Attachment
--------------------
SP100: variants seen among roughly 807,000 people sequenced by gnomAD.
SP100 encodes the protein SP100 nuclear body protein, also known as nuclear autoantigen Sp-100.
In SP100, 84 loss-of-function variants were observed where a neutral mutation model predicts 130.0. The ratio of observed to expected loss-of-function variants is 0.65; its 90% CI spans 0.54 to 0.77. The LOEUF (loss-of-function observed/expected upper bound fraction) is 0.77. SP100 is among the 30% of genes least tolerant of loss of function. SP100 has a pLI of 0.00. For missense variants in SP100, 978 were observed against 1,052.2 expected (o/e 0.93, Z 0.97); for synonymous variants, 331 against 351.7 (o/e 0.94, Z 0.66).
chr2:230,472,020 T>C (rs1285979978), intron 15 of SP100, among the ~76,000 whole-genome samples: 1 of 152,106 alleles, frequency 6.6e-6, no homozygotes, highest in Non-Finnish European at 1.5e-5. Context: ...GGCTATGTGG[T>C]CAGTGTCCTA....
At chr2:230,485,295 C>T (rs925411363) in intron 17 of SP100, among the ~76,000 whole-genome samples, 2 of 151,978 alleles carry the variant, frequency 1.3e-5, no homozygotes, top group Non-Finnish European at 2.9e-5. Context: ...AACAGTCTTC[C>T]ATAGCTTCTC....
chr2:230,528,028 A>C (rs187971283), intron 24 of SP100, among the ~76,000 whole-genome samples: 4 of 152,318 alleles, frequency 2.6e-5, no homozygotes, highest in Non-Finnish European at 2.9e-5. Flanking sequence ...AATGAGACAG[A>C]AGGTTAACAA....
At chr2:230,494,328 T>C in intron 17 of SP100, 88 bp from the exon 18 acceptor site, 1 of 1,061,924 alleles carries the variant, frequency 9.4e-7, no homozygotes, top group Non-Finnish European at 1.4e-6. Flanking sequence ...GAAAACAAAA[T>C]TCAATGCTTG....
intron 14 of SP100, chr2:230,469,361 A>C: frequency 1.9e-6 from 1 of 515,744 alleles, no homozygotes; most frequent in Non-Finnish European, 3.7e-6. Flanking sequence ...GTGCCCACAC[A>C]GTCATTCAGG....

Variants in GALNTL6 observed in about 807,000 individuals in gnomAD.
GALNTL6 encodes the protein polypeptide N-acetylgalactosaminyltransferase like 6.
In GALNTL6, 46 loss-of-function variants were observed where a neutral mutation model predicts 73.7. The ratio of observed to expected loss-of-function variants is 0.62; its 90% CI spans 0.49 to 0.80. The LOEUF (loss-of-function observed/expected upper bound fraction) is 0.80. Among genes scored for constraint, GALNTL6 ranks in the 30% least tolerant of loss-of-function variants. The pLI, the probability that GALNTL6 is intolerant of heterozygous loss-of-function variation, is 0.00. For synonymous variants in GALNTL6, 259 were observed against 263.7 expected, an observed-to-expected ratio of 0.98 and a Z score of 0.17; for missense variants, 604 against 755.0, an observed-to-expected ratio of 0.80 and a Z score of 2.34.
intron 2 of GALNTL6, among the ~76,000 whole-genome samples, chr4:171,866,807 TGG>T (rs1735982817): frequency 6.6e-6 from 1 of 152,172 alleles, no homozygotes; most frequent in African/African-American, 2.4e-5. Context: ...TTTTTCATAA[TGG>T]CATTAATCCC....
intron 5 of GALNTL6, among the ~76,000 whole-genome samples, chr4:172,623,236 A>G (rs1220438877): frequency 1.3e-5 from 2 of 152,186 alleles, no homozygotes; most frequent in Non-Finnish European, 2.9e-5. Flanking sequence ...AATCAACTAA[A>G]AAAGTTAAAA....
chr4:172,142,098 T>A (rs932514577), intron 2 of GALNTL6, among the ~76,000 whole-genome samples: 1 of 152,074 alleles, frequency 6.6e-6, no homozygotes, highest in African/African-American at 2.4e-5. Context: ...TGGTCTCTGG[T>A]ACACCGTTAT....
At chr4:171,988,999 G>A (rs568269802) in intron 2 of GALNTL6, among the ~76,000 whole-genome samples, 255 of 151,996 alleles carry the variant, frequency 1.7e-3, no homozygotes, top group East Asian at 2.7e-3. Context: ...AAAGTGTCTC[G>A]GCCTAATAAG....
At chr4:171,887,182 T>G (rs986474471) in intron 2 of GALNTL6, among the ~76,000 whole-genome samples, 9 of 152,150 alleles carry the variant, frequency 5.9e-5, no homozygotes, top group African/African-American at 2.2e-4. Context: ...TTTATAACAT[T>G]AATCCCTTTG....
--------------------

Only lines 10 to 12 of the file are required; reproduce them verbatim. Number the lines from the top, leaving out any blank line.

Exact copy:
GALNTL6 encodes the protein polypeptide N-acetylgalactosaminyltransferase like 6.
In GALNTL6, 46 loss-of-function variants were observed where a neutral mutation model predicts 73.7. The ratio of observed to expected loss-of-function variants is 0.62; its 90% CI spans 0.49 to 0.80. The LOEUF (loss-of-function observed/expected upper bound fraction) is 0.80. Among genes scored for constraint, GALNTL6 ranks in the 30% least tolerant of loss-of-function variants. The pLI, the probability that GALNTL6 is intolerant of heterozygous loss-of-function variation, is 0.00. For synonymous variants in GALNTL6, 259 were observed against 263.7 expected, an observed-to-expected ratio of 0.98 and a Z score of 0.17; for missense variants, 604 against 755.0, an observed-to-expected ratio of 0.80 and a Z score of 2.34.
intron 2 of GALNTL6, among the ~76,000 whole-genome samples, chr4:171,866,807 TGG>T (rs1735982817): frequency 6.6e-6 from 1 of 152,172 alleles, no homozygotes; most frequent in African/African-American, 2.4e-5. Context: ...TTTTTCATAA[TGG>T]CATTAATCCC....